The method disclosed in FIG. 2 involves valuing a patent application based on patents cited against it by a specific point in time. But as prosecution proceeds, additional IDS's may be filed and additional Office Actions sent by the Examiner, each potentially resulting in the citation of new patents against patent application PA. These newly cited patents, in turn, may better inform an analysis of the true value of PA using the citation analysis of the present invention. Thus, the server 106 may monitor an application and periodically repeat the analysis of FIG. 2 when new patents are cited against the patent application PA during its prosecution. Again, subscribers 100 may request such a monitoring, or server 106 may be configured to automatically refresh its analysis to subscriber 100 at some default interval or at an interval requested by subscriber 100.

Server 106 may select which patent applications it monitors based on a variety of criteria. For example, server 106 may simply receive a request from subscribers 100 for one or more patent applications. Alternatively, server 106 may automatically monitor patent applications based on a particular date range, technology class, one or more inventors, or one or more assignees. One skilled in the art will recognize that server 106 may be configured to select patent applications for monitoring in a wide variety of ways.

The present invention may be extended from analysis of a single patent application to the analysis and valuation of a group of patent applications. FIG. 3 is a flow chart illustrating an exemplary process for doing so. As with the process for analyzing a single patent application, server 106 may implement this process by programming or configuring it with the appropriate logic and software.

The method of FIG. 3 starts at step 310. In that step, the server 106 identifies a set or portfolio of patent applications to evaluate. For convenience of explanation, these patent applications will be denoted PA(1), PA(2), . . . PA(n), where n>=1.

The decision of the server 106 to evaluate a particular set of patents may result from a request from one of the subscribers 100. While the subscriber 100 could explicitly identify the set of patent applications to evaluate, subscriber 100 may alternatively specify that the server 106 evaluate all patent applications meeting certain criteria, such as all patents applications containing a specified keyword, all patent applications belonging to a specified assignee, all applications having a certain inventor or group of inventors, all applications publishing within a certain date range, and/or the like. The subscriber 100 could also specify the set to include all applications meeting some combination of such criteria. Alternatively, the server 106 may be configured to automatically evaluate various portfolios of patent applications based on criteria provided by a system administrator or service operating server 106. Indeed, server 106 may analyze any group or portfolio of patent applications.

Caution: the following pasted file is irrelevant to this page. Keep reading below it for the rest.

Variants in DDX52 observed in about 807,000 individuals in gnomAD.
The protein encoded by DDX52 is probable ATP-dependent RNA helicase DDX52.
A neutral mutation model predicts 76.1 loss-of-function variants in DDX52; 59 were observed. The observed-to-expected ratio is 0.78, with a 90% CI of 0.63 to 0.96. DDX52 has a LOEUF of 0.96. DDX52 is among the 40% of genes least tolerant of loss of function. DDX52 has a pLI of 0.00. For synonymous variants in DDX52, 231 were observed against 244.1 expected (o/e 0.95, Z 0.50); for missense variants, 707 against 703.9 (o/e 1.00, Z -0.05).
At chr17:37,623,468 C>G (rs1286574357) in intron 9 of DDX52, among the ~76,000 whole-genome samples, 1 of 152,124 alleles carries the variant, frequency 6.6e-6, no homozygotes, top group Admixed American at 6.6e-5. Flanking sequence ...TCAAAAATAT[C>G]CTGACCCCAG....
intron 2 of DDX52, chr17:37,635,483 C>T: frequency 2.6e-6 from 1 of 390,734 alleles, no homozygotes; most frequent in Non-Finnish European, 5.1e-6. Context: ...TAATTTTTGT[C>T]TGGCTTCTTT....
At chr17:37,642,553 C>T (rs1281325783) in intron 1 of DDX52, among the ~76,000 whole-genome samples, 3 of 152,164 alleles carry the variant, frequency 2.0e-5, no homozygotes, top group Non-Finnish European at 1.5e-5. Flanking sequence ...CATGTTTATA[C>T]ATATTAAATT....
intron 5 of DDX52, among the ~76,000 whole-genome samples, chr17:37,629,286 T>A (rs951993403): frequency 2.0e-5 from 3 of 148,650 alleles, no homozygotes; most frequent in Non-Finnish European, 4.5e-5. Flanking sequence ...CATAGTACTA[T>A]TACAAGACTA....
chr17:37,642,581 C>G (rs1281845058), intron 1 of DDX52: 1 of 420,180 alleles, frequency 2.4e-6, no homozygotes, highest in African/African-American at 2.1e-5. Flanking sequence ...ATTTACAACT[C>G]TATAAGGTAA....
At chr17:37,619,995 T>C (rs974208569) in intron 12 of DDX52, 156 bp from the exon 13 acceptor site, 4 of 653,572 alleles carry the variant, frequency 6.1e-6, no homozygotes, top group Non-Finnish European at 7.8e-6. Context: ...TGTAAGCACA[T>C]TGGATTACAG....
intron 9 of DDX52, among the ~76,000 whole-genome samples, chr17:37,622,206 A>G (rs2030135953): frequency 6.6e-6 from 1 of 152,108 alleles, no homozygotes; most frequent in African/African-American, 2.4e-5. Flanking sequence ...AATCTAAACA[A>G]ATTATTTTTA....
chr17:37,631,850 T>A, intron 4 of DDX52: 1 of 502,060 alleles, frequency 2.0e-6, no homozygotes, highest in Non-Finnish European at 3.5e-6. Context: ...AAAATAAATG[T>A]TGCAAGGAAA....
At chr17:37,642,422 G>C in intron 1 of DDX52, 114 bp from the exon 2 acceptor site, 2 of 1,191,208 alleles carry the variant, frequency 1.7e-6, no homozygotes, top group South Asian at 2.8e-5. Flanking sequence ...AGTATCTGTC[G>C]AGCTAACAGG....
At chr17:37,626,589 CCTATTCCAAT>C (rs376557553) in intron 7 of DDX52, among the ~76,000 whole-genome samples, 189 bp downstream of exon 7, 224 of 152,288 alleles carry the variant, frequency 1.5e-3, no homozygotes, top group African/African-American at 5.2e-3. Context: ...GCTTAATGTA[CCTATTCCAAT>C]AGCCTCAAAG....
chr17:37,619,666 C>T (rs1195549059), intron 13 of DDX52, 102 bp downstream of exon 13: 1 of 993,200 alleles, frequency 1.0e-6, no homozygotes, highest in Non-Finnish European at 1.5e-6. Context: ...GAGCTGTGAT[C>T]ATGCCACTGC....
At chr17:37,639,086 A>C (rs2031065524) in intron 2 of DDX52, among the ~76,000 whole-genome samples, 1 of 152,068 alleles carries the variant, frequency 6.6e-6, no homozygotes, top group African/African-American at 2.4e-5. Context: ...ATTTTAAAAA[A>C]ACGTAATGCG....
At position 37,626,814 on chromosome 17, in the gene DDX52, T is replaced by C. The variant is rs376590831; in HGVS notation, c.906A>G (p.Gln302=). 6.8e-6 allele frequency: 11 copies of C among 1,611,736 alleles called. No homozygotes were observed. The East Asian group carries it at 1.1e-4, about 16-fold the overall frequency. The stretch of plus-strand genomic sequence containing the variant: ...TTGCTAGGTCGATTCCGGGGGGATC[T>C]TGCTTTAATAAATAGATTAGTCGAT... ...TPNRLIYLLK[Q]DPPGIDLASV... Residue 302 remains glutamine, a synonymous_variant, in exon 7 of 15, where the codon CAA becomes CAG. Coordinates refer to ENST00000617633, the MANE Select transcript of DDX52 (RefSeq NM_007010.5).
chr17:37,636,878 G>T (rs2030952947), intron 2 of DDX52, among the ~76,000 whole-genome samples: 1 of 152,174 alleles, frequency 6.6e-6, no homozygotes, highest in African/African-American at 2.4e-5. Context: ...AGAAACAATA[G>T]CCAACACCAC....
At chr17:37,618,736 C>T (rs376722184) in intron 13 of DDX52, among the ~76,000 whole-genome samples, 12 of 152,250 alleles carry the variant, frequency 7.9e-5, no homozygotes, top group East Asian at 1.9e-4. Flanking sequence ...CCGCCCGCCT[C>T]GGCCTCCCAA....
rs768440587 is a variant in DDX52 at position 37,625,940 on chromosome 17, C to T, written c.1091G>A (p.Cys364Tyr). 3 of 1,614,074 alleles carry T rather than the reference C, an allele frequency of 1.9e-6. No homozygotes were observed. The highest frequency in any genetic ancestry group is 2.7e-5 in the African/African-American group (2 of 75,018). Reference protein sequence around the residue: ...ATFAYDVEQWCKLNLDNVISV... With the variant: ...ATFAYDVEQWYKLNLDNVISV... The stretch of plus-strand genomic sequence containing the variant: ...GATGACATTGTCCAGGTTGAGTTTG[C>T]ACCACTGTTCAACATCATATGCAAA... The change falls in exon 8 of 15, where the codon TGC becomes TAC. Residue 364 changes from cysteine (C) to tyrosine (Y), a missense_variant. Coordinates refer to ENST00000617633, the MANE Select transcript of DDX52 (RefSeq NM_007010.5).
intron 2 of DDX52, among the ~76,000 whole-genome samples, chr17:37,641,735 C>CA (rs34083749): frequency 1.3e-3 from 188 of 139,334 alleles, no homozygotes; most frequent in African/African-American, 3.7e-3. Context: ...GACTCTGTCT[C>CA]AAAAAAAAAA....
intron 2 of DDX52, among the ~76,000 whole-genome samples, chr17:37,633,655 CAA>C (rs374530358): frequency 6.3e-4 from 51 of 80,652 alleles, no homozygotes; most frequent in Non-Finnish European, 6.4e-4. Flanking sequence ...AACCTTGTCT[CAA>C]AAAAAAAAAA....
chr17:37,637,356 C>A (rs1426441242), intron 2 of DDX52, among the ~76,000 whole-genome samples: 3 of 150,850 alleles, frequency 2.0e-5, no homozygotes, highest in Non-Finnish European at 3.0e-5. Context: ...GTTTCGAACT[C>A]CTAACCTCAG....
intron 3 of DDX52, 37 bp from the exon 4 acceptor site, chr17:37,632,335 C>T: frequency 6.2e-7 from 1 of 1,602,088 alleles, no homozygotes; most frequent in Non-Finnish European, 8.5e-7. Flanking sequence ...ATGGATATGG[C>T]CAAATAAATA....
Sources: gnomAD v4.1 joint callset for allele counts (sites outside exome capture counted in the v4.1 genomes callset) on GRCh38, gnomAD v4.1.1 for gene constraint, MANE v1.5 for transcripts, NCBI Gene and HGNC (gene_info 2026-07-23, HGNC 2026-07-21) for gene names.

Each of the patent applications of the identified set or portfolio, denoted generically as PA(x), is now evaluated in turn by server 106. In step 320, server 106 selects for processing the first of the patent applications, PA(1).

In step 330, server 106 evaluates patent application PA(x) using the method described in FIG. 2, with PA(x) serving as the identified patent application in step 210 of FIG. 2. In step 280 of FIG. 2, the result of the analysis of patent application PA(x) is stored by server 106 so that it can further process the result once it has accumulated the results of analyzing the other PA's in the portfolio under analysis. The determination of the individual value of PA(x) may be provided to subscriber 100 at this time, but it need not be.

In step 340, the server 106 determines whether there are additional PA's in the portfolio that it has not yet analyzed. If there are additional PA's, then the “Yes” branch is followed to step 345. In step 345, the next PA is selected, which now becomes PA(x), and the value of this patent application is determined by proceeding back to step 330.

Returning again to step 340, if there are no more PA's to be evaluated in the portfolio, then the “No” branch is followed to step 350. In step 350, the server 106 determines whether the portfolio of patent applications PA(1), PA(2), . . . PA(n) has value as a whole based on the value of each of the individual PA's in the portfolio. There are multiple ways to do this analysis. In some embodiments, the portfolio may be considered valuable if even one of its PA's is valuable. In other embodiments, a certain number or a certain percentage of its PA's must be valuable for the portfolio as a whole to be considered valuable. In some embodiments, the analysis of FIG. 2 on each individual patent application PA in the portfolio yields a valuation that falls on a sliding scale, and the server 106 concludes that the portfolio as a whole has value only if a certain percentage of the individual PA's in the portfolio have at least a threshold value.